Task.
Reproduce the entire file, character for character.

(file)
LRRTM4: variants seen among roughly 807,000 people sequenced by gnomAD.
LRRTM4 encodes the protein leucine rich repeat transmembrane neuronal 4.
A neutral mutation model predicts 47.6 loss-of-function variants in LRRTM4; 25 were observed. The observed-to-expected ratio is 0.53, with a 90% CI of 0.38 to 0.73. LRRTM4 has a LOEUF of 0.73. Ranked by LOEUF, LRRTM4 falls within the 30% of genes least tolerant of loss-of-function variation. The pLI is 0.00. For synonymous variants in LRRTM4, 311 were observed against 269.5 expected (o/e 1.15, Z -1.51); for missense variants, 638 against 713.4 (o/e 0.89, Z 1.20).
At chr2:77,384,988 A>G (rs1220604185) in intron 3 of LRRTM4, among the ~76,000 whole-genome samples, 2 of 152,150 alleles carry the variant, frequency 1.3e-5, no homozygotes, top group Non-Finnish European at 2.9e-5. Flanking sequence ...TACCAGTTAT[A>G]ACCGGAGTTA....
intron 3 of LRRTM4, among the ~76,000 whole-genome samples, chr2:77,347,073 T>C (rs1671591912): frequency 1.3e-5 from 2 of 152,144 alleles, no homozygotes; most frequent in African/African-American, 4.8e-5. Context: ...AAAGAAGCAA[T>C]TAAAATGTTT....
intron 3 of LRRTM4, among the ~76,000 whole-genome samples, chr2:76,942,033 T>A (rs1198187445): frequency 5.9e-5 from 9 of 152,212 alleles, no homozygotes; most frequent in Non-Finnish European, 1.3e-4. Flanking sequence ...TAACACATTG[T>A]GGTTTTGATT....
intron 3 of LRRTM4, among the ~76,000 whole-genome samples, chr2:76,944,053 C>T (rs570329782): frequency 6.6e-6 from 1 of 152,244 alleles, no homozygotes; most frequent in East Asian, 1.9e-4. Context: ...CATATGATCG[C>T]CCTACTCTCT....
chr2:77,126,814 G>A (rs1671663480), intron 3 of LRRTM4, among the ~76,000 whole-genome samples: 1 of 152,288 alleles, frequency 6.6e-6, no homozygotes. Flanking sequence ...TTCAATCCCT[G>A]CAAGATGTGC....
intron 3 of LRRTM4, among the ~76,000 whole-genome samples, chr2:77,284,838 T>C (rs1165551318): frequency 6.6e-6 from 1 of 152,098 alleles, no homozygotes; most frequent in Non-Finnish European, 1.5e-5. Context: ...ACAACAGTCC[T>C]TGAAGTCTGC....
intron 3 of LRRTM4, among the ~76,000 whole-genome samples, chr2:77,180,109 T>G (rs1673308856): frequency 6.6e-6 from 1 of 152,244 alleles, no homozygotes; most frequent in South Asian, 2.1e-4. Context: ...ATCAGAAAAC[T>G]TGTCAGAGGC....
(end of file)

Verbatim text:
LRRTM4: variants seen among roughly 807,000 people sequenced by gnomAD.
LRRTM4 encodes the protein leucine rich repeat transmembrane neuronal 4.
A neutral mutation model predicts 47.6 loss-of-function variants in LRRTM4; 25 were observed. The observed-to-expected ratio is 0.53, with a 90% CI of 0.38 to 0.73. LRRTM4 has a LOEUF of 0.73. Ranked by LOEUF, LRRTM4 falls within the 30% of genes least tolerant of loss-of-function variation. The pLI is 0.00. For synonymous variants in LRRTM4, 311 were observed against 269.5 expected (o/e 1.15, Z -1.51); for missense variants, 638 against 713.4 (o/e 0.89, Z 1.20).
At chr2:77,384,988 A>G (rs1220604185) in intron 3 of LRRTM4, among the ~76,000 whole-genome samples, 2 of 152,150 alleles carry the variant, frequency 1.3e-5, no homozygotes, top group Non-Finnish European at 2.9e-5. Flanking sequence ...TACCAGTTAT[A>G]ACCGGAGTTA....
intron 3 of LRRTM4, among the ~76,000 whole-genome samples, chr2:77,347,073 T>C (rs1671591912): frequency 1.3e-5 from 2 of 152,144 alleles, no homozygotes; most frequent in African/African-American, 4.8e-5. Context: ...AAAGAAGCAA[T>C]TAAAATGTTT....
intron 3 of LRRTM4, among the ~76,000 whole-genome samples, chr2:76,942,033 T>A (rs1198187445): frequency 5.9e-5 from 9 of 152,212 alleles, no homozygotes; most frequent in Non-Finnish European, 1.3e-4. Flanking sequence ...TAACACATTG[T>A]GGTTTTGATT....
intron 3 of LRRTM4, among the ~76,000 whole-genome samples, chr2:76,944,053 C>T (rs570329782): frequency 6.6e-6 from 1 of 152,244 alleles, no homozygotes; most frequent in East Asian, 1.9e-4. Context: ...CATATGATCG[C>T]CCTACTCTCT....
chr2:77,126,814 G>A (rs1671663480), intron 3 of LRRTM4, among the ~76,000 whole-genome samples: 1 of 152,288 alleles, frequency 6.6e-6, no homozygotes. Flanking sequence ...TTCAATCCCT[G>A]CAAGATGTGC....
intron 3 of LRRTM4, among the ~76,000 whole-genome samples, chr2:77,284,838 T>C (rs1165551318): frequency 6.6e-6 from 1 of 152,098 alleles, no homozygotes; most frequent in Non-Finnish European, 1.5e-5. Context: ...ACAACAGTCC[T>C]TGAAGTCTGC....
intron 3 of LRRTM4, among the ~76,000 whole-genome samples, chr2:77,180,109 T>G (rs1673308856): frequency 6.6e-6 from 1 of 152,244 alleles, no homozygotes; most frequent in South Asian, 2.1e-4. Context: ...ATCAGAAAAC[T>G]TGTCAGAGGC....